Health officials confirm Carson man's death was related to West Nile virus
First victim of the year
City News Service | 8/1/2013, 6:21 p.m. | Updated on 8/1/2013, 6:39 p.m.
CARSON, Calif. — Los Angeles County health officials today confirmed the county’s first human death from West Nile virus this year, and while the victim was not identified, it was believed to be a 78-year-old Carson man whose family said he died from the virus Tuesday.
Albert Shipman died Tuesday night at Little Company of Mary Hospital in San Pedro, his son Alfonso told the Daily Breeze. He had been hospitalized for about two weeks.
“He was experiencing loss of memory, slurred speech and pain on his right side,” Alfonso Shipman told the paper. “Then finally, about 10 days ago, they said it’s West Nile. ... We were just devastated.”
The county Department of Public Health identified the victim only as an “older adult male who lived in the South Bay area.” The man had pre-existing health conditions and was hospitalized when he died, according to the county.
Public health officials said there have been 13 human cases of West Nile virus in the county so far this year, including six people who never developed symptoms but were identified after donating blood.
West Nile virus is passed to human beings through the bite of an infected mosquito, which typically obtains the disease by feeding on infected birds.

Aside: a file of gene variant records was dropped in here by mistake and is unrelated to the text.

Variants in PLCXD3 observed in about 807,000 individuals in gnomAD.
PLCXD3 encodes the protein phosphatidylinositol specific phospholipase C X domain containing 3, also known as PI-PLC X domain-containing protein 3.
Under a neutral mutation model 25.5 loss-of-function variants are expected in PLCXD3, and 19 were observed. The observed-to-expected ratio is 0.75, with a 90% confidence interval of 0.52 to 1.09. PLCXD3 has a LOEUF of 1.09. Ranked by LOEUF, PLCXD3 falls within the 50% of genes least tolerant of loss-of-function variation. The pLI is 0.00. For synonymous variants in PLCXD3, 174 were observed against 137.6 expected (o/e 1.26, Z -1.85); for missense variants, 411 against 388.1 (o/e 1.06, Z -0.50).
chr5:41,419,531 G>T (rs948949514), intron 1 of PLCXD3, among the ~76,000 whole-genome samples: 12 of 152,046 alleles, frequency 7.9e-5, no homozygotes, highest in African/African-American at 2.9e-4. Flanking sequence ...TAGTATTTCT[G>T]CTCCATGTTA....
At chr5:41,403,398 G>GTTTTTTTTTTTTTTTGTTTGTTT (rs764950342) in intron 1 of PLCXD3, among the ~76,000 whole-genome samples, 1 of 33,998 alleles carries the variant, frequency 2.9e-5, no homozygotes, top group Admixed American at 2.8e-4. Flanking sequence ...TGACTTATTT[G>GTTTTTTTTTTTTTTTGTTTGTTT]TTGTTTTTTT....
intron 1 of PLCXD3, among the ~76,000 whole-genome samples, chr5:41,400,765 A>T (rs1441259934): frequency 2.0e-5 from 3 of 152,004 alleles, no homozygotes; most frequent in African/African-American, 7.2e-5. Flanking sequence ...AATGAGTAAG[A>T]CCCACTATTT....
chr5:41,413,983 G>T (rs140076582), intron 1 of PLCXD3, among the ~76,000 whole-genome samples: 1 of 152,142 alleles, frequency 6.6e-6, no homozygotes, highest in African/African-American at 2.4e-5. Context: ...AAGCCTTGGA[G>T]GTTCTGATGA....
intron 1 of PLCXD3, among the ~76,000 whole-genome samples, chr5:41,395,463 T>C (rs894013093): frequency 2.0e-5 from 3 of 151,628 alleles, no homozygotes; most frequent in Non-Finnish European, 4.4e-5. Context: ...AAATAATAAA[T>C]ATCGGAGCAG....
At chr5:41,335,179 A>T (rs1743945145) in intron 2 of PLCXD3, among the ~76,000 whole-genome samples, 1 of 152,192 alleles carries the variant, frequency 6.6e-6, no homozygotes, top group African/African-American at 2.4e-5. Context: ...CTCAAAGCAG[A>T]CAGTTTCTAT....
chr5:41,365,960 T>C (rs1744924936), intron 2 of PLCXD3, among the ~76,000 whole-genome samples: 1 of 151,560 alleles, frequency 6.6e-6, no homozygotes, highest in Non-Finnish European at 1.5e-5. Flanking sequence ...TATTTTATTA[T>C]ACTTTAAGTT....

According to the Centers for Disease Control and Prevention, less than one in 150 people who are bitten by an infected mosquito become severely sick.
But in those rare cases, the virus can cause encephalitis or even death.
Health officials said about 20 percent of people infected with the virus will experience symptoms such as fever, headaches, nausea, swollen lymph glands or a skin rash.
Health officials recommend that to avoid the disease, residents should:
- Avoid outdoor activities around dusk and dawn when mosquitoes are most active
- Wear long-sleeve shirts and pants when outdoors
- Apply insect repellents containing active ingredients such as DEET, Picaridin or oil of lemon eucalyptus
- Keep tight-fitting screens on doors and windows to keep mosquitoes out
- Eliminate all sources of standing water around their homes and properly maintain ornamental ponds, pools and spas.